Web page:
Most of the rest of the industry professes itself mystified by the downbeat comments of the market leader. Results from its rival Sportingbet (owner of Paradise Poker) yesterday showed that growth in new players remains strong, and that the amount of money gambled by players is holding up.
Best of all, Sportingbet was able to reassure the City that, unlike PartyGaming, it was not having to spend a fortune on marketing to attract new business. The odd poster of a scantily clad Caprice notwithstanding, it has kept the so-called "average cost of acquisition" to $132 per new customer, compared with over $200 for the market leader. Sportingbet has been able to cross-sell poker to customers of its other casino games and its core sports betting business. A new "shared purse" makes it easier for customers to place bets across all Sportingbet's gambling opportunities.
It will take time to establish exactly what is going on in the online poker market, and it is likely that growth will become more measured, but gambling is as old as money and it seems likely that more than the current 3 per cent of wagers will eventually be made online. The lesson should be that robust, established and flexible companies with a broad range of gambling offerings and a spread of geographical markets are going to be the least volatile investments for those wanting to speculate on this emerging phenomenon.
Sportingbet is just such a business. Much is made of the fact that online gambling is illegal in the US, but that has not stopped Sportingbet establishing itself. It seems unlikely that conservatives will force a clampdown to damage its business, and meanwhile it keeps US companies from setting up rival operations.
Sportingbet announced its first dividend yesterday and is profitable enough to become quite generous a payer. Buy.
Drug-testing group VastOx needs more time
VastOx is the second company set up by Stephen Davies, professor of organic chemistry at Oxford University. He sold the first, Oxford Asymmetry, for £316m in 2003. He has even greater ambitions for VastOx.
The company is offering services to a pharmaceutical industry crying out for ways to speed up the search for new drugs. Many chemical compounds only reveal their side effects when tested on animals or, worse, in human trials. VastOx tests compounds on zebrafish embryos (whose genetic make-up is pretty similar to the human, it turns out) in the hope of turning up problems early in the process, saving time, money and the need for using the larger animals that get anti-vivisectionists so angry.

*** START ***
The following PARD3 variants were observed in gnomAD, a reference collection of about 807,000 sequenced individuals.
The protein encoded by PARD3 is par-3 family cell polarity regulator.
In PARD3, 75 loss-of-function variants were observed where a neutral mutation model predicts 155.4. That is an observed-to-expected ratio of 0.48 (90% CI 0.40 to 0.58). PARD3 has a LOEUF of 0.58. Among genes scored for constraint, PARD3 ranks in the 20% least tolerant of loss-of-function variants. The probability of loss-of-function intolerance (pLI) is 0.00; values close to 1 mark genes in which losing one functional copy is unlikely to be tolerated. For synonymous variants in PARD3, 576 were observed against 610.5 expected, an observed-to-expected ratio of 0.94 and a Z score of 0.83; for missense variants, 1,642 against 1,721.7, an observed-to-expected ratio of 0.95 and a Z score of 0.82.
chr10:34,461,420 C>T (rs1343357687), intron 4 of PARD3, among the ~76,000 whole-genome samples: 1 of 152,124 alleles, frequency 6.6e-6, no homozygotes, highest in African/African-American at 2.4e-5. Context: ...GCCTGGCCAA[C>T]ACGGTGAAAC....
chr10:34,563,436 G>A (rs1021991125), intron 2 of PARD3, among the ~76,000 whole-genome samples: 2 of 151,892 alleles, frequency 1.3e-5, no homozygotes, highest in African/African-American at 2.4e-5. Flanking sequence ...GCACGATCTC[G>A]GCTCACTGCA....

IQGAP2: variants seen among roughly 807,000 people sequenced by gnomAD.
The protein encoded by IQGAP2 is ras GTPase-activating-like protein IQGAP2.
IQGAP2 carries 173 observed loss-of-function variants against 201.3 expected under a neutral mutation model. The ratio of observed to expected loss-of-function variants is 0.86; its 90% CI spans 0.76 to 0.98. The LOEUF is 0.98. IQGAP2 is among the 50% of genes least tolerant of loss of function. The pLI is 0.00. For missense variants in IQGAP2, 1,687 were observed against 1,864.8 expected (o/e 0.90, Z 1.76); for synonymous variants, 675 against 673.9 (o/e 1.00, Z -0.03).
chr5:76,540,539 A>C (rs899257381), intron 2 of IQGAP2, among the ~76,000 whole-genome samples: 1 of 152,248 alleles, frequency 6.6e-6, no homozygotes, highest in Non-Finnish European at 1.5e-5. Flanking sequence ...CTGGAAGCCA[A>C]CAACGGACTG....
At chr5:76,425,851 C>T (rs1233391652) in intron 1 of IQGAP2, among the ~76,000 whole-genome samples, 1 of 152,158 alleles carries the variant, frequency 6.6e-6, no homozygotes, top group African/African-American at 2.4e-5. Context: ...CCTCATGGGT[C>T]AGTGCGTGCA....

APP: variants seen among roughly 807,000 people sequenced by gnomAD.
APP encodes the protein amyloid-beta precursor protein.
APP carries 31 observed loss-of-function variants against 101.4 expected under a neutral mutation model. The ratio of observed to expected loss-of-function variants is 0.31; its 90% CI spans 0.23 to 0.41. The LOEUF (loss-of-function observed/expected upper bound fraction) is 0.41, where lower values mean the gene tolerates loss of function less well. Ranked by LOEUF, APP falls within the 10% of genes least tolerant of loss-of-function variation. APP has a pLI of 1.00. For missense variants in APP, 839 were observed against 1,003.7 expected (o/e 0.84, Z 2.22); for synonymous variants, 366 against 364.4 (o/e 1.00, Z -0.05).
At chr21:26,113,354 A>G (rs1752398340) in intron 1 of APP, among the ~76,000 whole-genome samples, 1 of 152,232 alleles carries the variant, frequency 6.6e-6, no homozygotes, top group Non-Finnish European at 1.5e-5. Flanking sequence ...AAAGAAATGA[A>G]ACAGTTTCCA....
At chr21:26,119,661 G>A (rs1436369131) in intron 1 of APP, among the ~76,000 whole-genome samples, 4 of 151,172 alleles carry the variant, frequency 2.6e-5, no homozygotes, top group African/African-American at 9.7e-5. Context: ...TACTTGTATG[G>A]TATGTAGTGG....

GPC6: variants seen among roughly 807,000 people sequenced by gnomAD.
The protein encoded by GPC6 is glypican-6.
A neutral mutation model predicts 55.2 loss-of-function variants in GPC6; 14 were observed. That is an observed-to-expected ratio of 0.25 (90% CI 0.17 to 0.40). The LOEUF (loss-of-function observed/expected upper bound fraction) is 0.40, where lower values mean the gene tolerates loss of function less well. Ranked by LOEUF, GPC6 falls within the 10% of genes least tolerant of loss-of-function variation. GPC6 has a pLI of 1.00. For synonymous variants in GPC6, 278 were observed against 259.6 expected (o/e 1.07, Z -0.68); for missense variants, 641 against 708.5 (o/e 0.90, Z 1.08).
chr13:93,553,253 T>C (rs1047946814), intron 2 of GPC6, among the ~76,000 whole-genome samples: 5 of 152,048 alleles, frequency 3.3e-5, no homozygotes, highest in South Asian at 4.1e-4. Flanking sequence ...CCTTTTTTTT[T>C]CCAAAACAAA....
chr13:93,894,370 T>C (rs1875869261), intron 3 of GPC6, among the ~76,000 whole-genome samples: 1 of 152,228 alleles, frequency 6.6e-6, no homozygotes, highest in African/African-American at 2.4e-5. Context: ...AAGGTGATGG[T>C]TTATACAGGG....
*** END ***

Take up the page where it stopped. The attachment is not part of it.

That services business is showing early promise. After little more than a year of operation it had sales of £201,000 in the six months to 31 July. But it will not justify VastOx's market value of £58m. Much of the hope rests on a handful of drugs it plans to develop of its own: for muscular dystrophy and spinal muscular atrophy. These will require more money to progress into trials than it seems likely VastOx can generate internally, even though it has a prudent management with a decent track record.
Hold off until it is a little more established.
Outlook is poor at JJB Sports
Dave Whelan's chairmanship of Wigan has taken the football team into the Premiership, but the sports retailer he chaired until July is fighting a losing battle against relegation from investors' portfolios.
JJB Sports has just reached half-time in its financial year and the scoreline is bad. Pre-tax profits fell by a third to £18m. True, it lacked a major football tournament to boost sales of replica shirts but its problems are rooted deeper than that.
Rivals are slashing prices on sportswear in an attempt to stay afloat. Allsports went bust last week. And JJB itself warns that margins will be lower in the second half as it slashes its prices to compete.
Its hopes are pinned on stocking more exclusive lines from Nike and Adidas but that strategy begs the question of how exclusive is exclusive if others follow suit?
The group has established a useful sideline in health clubs, which it is opening in tandem with new out-of-town stores. The retail space sits on top of the gym yet JJB only pays rent once for the site, effectively giving it the shop for free. It had 28 of these dual format sites at the end of the half-year and will have 42 by the end of next year. It takes time for the clubs to hit maturity - they need at least 4,000 members to turn a profit, yet open with less than half that - so the new clubs should provide a useful future earnings stream in due course. But with weak consumer spending threatens gym membership numbers in the short term.
We tipped this company the last time it lost its way in 2003 and it enjoyed a strong surge over the following year. Now things look dark again - the shares fell 3.75p to 164.5p yesterday - and Mr Whelan's 39 per cent stake looks like it could be sold to fund his new Premiership hobby. With the dividend barely covered by earnings and the outlook grim, it's time to sell.Reuse content